How NOT to plant a hosta....

Greeting all.....
Picked up a package of Elegans Hostas ( thanks to Bill's recommendations for giant hostas).
Picked a nice place in the yard.... the first two hostas went in nice and neat. Dug the holes, amended the soil...it was. loam/ clay to mostly clay further down.
Hole number three... nicely spaced apart from the other two... shovel went in and hit something hard, moved a few inches, shovel went in and hit something hard... tried this again and again and again. No luck.... finally decided to excavate.
There is a boulder, about 3 feet x 2 1/2 feet by xxx feet located about 5 - 6" down. Made a few half hearted attempts to dig around it... wayyyy beyond my capability.
So the monster is right in the area where the hosta should be planted..... a few feet left or right will disrupt the pattern of hostas and intrude into another part of the garden.... Not a good option.
Removing the boulder is NOT going to happen... not by hand anyway.... the thing is kinda large sized and heavy. I'm not.
So, question is... Will a giant hosta be able to grow in 6" of soil...... most of my other hostas are within the top 4 - 6" of soil. Anyone have direct experience with this?? Planting in this location is preferable, right amount of sun, right amount of shade, right amount of moisture.
Or I can move the hosta to another location and forget trying to get a symeterical pattern in this location....
Your thoughts are welcome
Peter
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snipped-for-privacy@yahoo.com wrote:

All mine are about 5-6 inches. You can always add an inch or two if you want more room for insurance. A large rock may give you a moisture retention problem though.
Don't forget Hosta like to be split apart and moved about. Large one in a great spot was eaten from below last year. New one in same spot will be behind an in ground fence. Not guaranteed but it makes me feel good.
Bill death to voles....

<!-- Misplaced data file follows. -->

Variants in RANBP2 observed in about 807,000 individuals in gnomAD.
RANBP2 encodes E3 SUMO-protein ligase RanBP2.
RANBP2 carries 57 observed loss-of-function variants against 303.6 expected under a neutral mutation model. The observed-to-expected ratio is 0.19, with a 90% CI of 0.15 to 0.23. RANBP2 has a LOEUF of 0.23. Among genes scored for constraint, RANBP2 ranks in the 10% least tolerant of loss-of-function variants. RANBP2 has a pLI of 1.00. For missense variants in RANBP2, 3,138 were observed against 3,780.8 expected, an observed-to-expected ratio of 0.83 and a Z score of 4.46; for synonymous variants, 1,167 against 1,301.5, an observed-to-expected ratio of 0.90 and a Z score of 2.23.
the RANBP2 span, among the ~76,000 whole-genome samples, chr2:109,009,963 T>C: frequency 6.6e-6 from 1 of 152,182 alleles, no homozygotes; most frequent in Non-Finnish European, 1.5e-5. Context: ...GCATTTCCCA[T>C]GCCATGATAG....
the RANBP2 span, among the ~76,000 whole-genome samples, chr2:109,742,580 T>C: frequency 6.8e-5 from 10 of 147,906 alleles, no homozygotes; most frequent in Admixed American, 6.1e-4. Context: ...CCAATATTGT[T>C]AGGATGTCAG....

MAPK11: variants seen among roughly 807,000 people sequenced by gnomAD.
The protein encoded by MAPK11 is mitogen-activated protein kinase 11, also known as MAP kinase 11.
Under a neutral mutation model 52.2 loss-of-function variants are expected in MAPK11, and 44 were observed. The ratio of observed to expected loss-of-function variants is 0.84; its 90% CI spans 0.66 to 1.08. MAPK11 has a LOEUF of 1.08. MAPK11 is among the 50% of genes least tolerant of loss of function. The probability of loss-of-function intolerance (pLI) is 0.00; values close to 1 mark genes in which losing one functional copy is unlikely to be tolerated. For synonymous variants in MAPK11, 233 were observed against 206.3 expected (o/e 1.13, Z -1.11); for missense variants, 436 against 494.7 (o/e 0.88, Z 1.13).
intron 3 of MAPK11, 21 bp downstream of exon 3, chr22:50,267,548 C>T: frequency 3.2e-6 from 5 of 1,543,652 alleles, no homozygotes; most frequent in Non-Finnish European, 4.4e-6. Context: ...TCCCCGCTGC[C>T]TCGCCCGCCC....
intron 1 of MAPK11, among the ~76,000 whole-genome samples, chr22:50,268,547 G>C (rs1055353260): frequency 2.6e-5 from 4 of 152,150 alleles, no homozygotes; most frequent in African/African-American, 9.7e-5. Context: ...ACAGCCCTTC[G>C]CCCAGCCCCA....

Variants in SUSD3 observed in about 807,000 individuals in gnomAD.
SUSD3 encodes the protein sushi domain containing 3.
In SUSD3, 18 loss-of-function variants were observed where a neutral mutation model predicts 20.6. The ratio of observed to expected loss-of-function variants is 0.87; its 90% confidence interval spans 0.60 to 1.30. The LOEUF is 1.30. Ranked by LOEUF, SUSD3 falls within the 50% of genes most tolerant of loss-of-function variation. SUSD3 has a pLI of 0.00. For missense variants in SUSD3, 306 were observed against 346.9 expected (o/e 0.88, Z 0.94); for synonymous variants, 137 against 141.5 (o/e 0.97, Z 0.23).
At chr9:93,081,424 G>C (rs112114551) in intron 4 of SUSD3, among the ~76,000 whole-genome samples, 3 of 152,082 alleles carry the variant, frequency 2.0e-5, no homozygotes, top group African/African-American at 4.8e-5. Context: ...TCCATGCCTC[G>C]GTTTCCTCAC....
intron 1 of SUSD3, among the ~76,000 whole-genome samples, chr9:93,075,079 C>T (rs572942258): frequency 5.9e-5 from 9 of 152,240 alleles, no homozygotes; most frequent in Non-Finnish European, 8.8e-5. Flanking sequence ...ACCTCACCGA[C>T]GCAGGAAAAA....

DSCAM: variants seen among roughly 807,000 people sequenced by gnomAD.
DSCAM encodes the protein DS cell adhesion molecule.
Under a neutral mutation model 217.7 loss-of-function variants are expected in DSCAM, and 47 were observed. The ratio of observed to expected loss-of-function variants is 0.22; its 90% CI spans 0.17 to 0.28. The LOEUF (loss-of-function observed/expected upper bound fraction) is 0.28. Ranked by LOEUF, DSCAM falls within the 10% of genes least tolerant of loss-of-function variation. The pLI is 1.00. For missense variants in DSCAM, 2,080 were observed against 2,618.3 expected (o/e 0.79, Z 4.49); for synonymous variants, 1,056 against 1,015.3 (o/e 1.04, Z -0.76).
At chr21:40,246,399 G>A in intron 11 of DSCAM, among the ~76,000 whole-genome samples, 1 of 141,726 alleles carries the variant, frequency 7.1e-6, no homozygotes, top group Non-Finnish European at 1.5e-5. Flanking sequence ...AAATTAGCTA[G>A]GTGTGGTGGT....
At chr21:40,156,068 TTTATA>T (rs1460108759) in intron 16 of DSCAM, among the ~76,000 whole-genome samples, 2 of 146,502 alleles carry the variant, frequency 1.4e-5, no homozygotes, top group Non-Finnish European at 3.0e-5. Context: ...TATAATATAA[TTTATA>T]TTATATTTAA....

--
Garden in shade zone 5 S Jersey USA
Not all who wander are lost.
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Don't forget slug pellets! Mine were eaten alive without them!
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On Apr 13, 10:20 am, snipped-for-privacy@yahoo.com wrote:

Peter Yes, forget symmetrical and go for a naturalistic look. Not being a fan of symmetry I would love to have a nice big natural boulder in my garden! I would uncover the whole top of the boulder and put the remaining hostas in a random natural way around the edges of the boulder, not all the same distance apart. Add some other woodsy type plants and what a beautiful spot it will be. (Oh I am drooling at the thought of a boulder to play with....just let it display all its lovely rockiness.) Emilie NorCal
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Alas, you will discover that even with a big stone, when one reaches a certain age, it is difficult, if not impossible to get it up...
I covered it back up.. may it rest in peace.
The hosta will go elsewhere !!
Peter
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Ummm, OK, sorry to hear about your problem, but I think that is another topic! And one I am not likely to have. I think that is better discussed in another newsgroup (GRIN) Emilie

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On 4/13/09 1:20 PM, in article snipped-for-privacy@4ax.com,

You've gotten good advice. And leaving the boulder exactly were it is and putting the hosta somewhere else is what I would do and have done many times before.
In my younger, more energetic days, I would move that rock, it wasn't were I wanted it and I put it were it would do me some good. But not any more
C
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